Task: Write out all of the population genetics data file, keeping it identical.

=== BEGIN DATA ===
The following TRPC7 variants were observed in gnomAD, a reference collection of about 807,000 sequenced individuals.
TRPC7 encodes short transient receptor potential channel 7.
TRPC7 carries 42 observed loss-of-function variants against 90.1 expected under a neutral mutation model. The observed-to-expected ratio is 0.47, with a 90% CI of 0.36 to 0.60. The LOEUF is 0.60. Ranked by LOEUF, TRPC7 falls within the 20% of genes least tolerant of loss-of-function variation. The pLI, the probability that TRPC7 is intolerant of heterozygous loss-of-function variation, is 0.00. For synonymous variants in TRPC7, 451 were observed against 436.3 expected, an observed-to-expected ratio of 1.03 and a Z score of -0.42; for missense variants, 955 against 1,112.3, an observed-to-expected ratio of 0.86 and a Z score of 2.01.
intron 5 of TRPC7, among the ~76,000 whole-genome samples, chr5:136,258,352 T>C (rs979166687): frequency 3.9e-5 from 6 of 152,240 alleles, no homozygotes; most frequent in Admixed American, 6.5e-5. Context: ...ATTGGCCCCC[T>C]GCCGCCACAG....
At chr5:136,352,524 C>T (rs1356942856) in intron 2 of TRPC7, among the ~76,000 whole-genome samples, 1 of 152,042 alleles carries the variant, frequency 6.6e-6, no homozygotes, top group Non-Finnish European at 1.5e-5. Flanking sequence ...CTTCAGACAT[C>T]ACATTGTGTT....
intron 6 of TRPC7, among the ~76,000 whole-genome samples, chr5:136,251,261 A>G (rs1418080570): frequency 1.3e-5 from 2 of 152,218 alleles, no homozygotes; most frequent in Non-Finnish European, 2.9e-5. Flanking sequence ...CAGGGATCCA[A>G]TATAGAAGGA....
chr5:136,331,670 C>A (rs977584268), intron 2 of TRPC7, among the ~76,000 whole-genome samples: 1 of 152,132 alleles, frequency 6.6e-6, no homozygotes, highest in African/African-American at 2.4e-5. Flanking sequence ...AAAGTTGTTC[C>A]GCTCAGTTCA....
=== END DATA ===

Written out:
The following TRPC7 variants were observed in gnomAD, a reference collection of about 807,000 sequenced individuals.
TRPC7 encodes short transient receptor potential channel 7.
TRPC7 carries 42 observed loss-of-function variants against 90.1 expected under a neutral mutation model. The observed-to-expected ratio is 0.47, with a 90% CI of 0.36 to 0.60. The LOEUF is 0.60. Ranked by LOEUF, TRPC7 falls within the 20% of genes least tolerant of loss-of-function variation. The pLI, the probability that TRPC7 is intolerant of heterozygous loss-of-function variation, is 0.00. For synonymous variants in TRPC7, 451 were observed against 436.3 expected, an observed-to-expected ratio of 1.03 and a Z score of -0.42; for missense variants, 955 against 1,112.3, an observed-to-expected ratio of 0.86 and a Z score of 2.01.
intron 5 of TRPC7, among the ~76,000 whole-genome samples, chr5:136,258,352 T>C (rs979166687): frequency 3.9e-5 from 6 of 152,240 alleles, no homozygotes; most frequent in Admixed American, 6.5e-5. Context: ...ATTGGCCCCC[T>C]GCCGCCACAG....
At chr5:136,352,524 C>T (rs1356942856) in intron 2 of TRPC7, among the ~76,000 whole-genome samples, 1 of 152,042 alleles carries the variant, frequency 6.6e-6, no homozygotes, top group Non-Finnish European at 1.5e-5. Flanking sequence ...CTTCAGACAT[C>T]ACATTGTGTT....
intron 6 of TRPC7, among the ~76,000 whole-genome samples, chr5:136,251,261 A>G (rs1418080570): frequency 1.3e-5 from 2 of 152,218 alleles, no homozygotes; most frequent in Non-Finnish European, 2.9e-5. Flanking sequence ...CAGGGATCCA[A>G]TATAGAAGGA....
chr5:136,331,670 C>A (rs977584268), intron 2 of TRPC7, among the ~76,000 whole-genome samples: 1 of 152,132 alleles, frequency 6.6e-6, no homozygotes, highest in African/African-American at 2.4e-5. Flanking sequence ...AAAGTTGTTC[C>A]GCTCAGTTCA....